The Jungle Look

Now that it seems that summer has finally arrived, and is hopefully here to stay, we’ve all begun thinking about potential getaway locations and my personal favourite lies just outside the back door. The planting scheme we’ve compiled today is designed to transform your own garden into an exciting exotic locale just in case travel is awkward or impossible because of busy schedules, children, BREXIT etc!

Musa basjoo

The Musa is a staple plant of the tropics – a large tender banana palm with large, glossy, bright green leaves, although you’d be lucky to actually get bananas in the UK! As you would expect this plant thrives in full sun but prefers a sheltered location and if it gets a little cold where you are, best protect it with fleece in winter.

Trachycarpus fortunei

This evergreen palm is fantastic as a space filler since its foliage will provide strong and consistent colour all year round and the hairy trunk is particularly striking. They like full sun or partial shade combined with a well-draining sandy or chalky soil.

Catalpa bignonioides

The Indian Bean Tree, as this variety is commonly known, is an iconic variety from the sub-continent that grows into a large rounded collection of heart-shaped foliage and occasionally may produce purple-white flowers in the summer followed by seed pods. Keep it pruned to promote really huge leaves.

Phyllostachys nigra

Due to it’s unusual colouring with its stunning black canes, the Black Bamboo makes for a dramatic addition to any garden. It can be employed to great effect as a screen or divider between different areas due to its dense growth pattern.

Fatsia japonica

Moving further into the Southern hemisphere we have the Japanese Aralia, or Fig-leaf palm, with its seven pronged, hand-like, evergreen leaves. Creamy-white flowers may appear in candelabra-like clusters in the autumn followed by clumps of black berries.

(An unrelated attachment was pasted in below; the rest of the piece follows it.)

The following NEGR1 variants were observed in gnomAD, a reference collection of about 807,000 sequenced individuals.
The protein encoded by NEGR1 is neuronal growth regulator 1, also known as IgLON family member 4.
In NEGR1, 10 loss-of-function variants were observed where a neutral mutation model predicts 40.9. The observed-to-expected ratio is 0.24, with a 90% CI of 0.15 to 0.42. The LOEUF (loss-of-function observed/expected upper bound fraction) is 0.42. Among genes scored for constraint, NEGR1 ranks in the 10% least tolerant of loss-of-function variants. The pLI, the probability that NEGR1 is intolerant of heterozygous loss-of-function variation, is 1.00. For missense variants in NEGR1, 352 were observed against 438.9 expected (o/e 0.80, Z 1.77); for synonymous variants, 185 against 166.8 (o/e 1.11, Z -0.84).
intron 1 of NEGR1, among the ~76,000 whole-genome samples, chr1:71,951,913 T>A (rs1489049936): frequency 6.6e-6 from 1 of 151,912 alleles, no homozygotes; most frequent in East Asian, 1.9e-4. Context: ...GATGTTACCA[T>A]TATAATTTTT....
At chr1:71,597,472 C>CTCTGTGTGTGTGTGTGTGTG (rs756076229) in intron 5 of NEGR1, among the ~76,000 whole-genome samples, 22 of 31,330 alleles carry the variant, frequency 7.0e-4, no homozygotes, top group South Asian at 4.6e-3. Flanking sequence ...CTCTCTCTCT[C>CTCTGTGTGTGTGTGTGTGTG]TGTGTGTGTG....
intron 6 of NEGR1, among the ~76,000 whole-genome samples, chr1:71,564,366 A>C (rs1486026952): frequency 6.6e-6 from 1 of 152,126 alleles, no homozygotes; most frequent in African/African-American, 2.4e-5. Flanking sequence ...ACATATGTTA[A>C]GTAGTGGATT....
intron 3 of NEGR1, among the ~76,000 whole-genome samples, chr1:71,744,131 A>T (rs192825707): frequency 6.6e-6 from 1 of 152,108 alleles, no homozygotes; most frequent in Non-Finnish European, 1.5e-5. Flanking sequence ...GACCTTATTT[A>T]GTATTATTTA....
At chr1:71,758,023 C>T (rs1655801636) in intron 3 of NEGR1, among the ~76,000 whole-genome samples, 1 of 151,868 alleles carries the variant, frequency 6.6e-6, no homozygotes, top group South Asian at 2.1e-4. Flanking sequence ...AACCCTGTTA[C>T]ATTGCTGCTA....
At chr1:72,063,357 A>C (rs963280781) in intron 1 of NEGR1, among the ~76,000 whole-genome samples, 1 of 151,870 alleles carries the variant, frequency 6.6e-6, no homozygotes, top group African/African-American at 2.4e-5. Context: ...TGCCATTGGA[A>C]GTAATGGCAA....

Hedychium densiflorum

Blooming in vibrant columns, the deciduous ‘Ginger Lilly’ produces Salmon or Apricot flowers throughout summer and autumn alongside dark green foliage that precedes them in spring. However, they are susceptible to frost damage and, similarly to the Canna and Brugmansia below, should be either greenhoused or protected during the winter.


Aside from producing gorgeous racemes in shades of sunfire orange and red, as an added bonus this plant also has some of the most striking foliage you could hope to find. Alternating stripes of bottle green and crimson mark some Cannas leathery leaves, whereas others are the deepest purple.


An intoxicant that derives the common name ‘Angel’s Trumpet’ from the tubular flowers that hang from its stems. The blooms produce a heady fragrance in the evening and will appear throughout summer and autumn.

Lobelia cardinalis

Endemic throughout the Americas-ranging from Canada to Colombia-the ‘Cardinal Flower’ is a bright red deciduous plant that will produce spikes of matching flowers and foliage. Grows best in loamy soil.

Kniphofia caulescens

As a child (and admittedly an adult) I’d look at these columns bejewelled by flowers and think, from a distance, that someone had made giant fab ice lollies, with their bright red tops fading through orange to yellow at the bottom.  Like those frozen treats these flowers are at their best in the summertime, happily, however, their foliage stays green all year.

CannaH HedychiumH IMG_4136 BrugH

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